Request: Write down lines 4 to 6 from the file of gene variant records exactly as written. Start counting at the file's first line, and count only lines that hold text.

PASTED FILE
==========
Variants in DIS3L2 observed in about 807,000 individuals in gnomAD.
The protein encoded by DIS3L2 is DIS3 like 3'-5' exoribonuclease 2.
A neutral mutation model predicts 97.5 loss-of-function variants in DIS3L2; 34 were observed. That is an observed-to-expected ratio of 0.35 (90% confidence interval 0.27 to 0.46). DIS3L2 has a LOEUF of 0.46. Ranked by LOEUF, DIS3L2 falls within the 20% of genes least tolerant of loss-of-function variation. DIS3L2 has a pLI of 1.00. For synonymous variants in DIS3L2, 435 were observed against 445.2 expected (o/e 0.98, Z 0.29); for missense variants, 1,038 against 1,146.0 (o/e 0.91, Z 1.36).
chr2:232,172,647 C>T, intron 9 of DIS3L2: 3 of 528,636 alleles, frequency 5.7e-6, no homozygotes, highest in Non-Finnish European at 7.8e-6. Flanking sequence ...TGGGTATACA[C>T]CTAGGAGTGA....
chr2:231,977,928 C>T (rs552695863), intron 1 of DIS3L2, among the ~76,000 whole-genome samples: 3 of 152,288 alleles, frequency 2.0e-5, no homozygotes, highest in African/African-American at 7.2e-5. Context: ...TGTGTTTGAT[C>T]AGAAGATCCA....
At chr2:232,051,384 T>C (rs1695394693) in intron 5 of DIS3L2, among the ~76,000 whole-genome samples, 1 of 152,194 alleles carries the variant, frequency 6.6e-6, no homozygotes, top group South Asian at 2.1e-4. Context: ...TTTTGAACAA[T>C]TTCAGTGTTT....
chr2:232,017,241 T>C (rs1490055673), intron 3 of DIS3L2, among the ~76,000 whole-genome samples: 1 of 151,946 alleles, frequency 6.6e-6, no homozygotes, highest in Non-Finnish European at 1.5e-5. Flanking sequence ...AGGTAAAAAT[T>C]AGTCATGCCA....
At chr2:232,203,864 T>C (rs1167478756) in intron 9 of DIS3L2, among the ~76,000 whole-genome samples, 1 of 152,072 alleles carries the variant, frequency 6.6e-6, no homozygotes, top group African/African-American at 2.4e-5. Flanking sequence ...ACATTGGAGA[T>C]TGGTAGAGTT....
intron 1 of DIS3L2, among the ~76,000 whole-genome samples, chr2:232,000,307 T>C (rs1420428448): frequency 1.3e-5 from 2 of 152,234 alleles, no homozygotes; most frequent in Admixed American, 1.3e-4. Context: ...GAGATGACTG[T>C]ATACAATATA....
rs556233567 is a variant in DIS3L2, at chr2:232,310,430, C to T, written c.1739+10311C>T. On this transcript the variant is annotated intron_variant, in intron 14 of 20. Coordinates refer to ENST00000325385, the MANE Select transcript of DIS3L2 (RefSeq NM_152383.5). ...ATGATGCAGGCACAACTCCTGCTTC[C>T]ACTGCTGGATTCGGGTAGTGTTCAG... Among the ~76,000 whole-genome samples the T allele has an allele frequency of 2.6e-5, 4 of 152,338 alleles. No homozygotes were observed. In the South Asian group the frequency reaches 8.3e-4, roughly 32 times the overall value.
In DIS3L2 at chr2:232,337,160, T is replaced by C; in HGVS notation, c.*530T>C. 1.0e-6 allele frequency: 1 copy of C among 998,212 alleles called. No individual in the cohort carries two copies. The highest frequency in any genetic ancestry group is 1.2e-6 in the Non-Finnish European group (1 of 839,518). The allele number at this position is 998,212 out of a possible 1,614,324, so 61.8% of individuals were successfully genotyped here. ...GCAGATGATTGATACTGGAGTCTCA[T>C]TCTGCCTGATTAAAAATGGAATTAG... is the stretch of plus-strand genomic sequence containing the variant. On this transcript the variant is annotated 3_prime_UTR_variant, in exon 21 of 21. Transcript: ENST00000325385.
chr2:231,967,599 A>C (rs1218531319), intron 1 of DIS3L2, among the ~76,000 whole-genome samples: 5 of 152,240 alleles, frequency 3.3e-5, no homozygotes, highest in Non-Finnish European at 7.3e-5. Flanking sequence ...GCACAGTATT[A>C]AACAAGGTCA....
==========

chr2:232,172,647 C>T, intron 9 of DIS3L2: 3 of 528,636 alleles, frequency 5.7e-6, no homozygotes, highest in Non-Finnish European at 7.8e-6. Flanking sequence ...TGGGTATACA[C>T]CTAGGAGTGA....
chr2:231,977,928 C>T (rs552695863), intron 1 of DIS3L2, among the ~76,000 whole-genome samples: 3 of 152,288 alleles, frequency 2.0e-5, no homozygotes, highest in African/African-American at 7.2e-5. Context: ...TGTGTTTGAT[C>T]AGAAGATCCA....
At chr2:232,051,384 T>C (rs1695394693) in intron 5 of DIS3L2, among the ~76,000 whole-genome samples, 1 of 152,194 alleles carries the variant, frequency 6.6e-6, no homozygotes, top group South Asian at 2.1e-4. Context: ...TTTTGAACAA[T>C]TTCAGTGTTT....